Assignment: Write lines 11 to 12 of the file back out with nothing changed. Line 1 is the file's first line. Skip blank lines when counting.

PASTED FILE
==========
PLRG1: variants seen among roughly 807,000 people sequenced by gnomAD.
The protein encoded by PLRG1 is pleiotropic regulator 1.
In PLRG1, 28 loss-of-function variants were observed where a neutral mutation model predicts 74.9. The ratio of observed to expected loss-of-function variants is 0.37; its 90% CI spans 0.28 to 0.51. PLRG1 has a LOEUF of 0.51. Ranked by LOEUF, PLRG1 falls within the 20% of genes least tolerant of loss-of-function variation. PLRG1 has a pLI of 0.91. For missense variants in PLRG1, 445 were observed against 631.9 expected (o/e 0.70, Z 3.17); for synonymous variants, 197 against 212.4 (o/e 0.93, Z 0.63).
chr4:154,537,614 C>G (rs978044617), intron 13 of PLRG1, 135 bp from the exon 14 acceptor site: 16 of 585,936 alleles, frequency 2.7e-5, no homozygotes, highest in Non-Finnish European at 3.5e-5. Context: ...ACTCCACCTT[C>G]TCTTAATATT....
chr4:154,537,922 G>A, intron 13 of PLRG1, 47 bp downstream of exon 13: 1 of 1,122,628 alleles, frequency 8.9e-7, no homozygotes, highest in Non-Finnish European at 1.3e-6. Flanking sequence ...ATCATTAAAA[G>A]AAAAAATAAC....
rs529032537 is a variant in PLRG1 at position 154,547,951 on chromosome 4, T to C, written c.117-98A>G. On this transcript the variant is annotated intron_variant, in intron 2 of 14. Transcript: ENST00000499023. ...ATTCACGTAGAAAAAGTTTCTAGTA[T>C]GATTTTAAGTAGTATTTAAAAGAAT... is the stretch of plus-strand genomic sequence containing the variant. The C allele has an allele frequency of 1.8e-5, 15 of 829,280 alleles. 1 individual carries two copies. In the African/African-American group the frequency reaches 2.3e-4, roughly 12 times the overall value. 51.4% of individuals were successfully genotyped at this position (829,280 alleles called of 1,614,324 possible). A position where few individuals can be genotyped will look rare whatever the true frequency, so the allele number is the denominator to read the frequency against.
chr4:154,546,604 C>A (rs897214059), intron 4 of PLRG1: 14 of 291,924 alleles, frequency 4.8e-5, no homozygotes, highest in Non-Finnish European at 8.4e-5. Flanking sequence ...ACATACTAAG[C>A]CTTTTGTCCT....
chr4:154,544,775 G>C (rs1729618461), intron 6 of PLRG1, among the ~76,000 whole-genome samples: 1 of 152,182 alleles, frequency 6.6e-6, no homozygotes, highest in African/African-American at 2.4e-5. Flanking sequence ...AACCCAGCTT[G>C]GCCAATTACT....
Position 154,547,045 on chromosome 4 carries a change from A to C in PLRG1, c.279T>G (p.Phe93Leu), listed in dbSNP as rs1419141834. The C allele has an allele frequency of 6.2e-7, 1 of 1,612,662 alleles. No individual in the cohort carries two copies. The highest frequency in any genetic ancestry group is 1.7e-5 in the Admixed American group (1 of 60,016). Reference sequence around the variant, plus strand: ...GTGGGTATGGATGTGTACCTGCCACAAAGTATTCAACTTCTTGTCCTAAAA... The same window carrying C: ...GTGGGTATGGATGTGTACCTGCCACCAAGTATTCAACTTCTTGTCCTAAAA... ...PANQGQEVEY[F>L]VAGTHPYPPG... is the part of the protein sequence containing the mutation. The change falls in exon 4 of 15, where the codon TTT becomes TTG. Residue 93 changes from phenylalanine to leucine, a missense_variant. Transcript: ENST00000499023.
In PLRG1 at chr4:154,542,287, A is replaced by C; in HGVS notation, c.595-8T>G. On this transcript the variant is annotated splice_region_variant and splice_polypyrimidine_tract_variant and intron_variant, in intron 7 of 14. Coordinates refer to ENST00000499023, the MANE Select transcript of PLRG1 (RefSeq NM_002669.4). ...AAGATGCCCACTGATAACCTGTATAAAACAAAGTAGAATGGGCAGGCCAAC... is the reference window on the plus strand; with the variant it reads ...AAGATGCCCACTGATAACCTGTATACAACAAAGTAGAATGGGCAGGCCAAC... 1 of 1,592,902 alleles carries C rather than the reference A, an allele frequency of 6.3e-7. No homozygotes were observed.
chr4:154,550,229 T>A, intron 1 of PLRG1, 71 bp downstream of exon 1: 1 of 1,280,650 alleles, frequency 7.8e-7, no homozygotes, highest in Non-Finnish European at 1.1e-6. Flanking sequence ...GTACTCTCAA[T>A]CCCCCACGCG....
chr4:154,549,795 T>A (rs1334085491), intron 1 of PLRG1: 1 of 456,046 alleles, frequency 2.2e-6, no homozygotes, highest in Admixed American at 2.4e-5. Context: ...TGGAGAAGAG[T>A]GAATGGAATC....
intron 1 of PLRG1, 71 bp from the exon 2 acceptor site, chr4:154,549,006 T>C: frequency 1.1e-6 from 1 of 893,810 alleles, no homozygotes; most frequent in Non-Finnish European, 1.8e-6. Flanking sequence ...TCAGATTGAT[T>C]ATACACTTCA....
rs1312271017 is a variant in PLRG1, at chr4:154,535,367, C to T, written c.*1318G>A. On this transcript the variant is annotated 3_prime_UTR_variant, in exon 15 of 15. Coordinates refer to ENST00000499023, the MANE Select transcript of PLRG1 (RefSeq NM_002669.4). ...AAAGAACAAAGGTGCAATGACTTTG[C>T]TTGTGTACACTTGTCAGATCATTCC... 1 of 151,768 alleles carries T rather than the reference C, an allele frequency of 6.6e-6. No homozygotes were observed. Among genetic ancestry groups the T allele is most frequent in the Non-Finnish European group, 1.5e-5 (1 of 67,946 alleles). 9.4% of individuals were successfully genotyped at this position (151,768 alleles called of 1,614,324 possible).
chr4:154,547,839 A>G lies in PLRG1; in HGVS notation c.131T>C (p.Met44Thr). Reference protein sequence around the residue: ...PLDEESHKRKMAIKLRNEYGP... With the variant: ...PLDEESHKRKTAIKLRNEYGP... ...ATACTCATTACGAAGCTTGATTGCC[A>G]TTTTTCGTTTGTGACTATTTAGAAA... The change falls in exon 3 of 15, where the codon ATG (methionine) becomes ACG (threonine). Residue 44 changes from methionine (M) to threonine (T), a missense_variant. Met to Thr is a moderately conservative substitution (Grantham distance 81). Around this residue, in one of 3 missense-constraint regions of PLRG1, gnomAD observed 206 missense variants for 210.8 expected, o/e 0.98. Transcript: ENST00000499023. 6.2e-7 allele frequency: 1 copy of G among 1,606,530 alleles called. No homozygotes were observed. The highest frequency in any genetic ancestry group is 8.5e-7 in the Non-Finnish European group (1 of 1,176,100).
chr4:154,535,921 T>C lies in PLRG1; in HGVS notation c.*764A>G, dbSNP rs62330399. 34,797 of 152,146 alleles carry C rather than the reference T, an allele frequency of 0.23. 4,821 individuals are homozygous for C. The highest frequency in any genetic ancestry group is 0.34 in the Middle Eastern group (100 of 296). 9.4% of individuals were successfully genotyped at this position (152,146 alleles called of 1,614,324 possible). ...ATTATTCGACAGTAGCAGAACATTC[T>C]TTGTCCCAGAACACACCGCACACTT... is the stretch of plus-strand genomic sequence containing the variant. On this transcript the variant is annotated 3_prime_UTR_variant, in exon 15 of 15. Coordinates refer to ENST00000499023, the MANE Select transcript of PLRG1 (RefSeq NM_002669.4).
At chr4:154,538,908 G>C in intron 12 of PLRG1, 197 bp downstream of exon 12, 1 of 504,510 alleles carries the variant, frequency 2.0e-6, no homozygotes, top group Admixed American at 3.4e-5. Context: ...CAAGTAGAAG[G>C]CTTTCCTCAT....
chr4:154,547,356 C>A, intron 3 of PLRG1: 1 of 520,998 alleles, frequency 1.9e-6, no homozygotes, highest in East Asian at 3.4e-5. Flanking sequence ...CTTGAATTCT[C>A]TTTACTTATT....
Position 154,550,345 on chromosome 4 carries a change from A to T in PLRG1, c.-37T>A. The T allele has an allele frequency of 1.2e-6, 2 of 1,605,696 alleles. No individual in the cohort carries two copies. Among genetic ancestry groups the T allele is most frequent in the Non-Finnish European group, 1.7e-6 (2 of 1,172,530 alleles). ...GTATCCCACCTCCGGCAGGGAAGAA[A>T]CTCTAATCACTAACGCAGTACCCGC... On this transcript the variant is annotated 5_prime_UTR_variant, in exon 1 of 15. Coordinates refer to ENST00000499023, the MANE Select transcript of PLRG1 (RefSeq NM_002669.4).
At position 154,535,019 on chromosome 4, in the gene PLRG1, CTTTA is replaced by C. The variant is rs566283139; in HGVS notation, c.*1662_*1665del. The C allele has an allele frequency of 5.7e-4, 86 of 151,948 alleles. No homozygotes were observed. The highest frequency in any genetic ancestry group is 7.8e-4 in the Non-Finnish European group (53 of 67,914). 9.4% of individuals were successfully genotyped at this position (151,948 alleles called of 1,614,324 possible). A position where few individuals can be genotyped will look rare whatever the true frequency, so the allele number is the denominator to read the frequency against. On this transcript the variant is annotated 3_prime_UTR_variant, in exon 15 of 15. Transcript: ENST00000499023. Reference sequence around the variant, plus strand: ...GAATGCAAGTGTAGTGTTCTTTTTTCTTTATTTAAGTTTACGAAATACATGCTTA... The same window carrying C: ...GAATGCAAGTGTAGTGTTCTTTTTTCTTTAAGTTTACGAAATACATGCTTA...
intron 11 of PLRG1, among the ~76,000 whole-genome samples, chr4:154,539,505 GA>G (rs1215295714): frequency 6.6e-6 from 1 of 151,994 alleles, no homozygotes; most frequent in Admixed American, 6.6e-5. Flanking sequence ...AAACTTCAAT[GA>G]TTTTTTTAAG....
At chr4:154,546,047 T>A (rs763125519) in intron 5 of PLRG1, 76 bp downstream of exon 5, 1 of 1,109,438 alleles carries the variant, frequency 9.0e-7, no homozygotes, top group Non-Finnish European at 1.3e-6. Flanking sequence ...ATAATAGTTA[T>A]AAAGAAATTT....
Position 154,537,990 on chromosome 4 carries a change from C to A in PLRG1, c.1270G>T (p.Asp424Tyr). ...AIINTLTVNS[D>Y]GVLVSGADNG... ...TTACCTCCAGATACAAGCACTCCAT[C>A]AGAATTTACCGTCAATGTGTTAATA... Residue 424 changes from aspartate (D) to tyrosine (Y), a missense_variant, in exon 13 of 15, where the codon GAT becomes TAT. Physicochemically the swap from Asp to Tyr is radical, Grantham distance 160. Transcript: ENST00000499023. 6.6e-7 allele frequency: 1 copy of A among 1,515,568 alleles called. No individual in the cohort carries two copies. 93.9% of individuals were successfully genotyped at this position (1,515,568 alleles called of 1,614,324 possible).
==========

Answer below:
chr4:154,550,229 T>A, intron 1 of PLRG1, 71 bp downstream of exon 1: 1 of 1,280,650 alleles, frequency 7.8e-7, no homozygotes, highest in Non-Finnish European at 1.1e-6. Flanking sequence ...GTACTCTCAA[T>A]CCCCCACGCG....
chr4:154,549,795 T>A (rs1334085491), intron 1 of PLRG1: 1 of 456,046 alleles, frequency 2.2e-6, no homozygotes, highest in Admixed American at 2.4e-5. Context: ...TGGAGAAGAG[T>A]GAATGGAATC....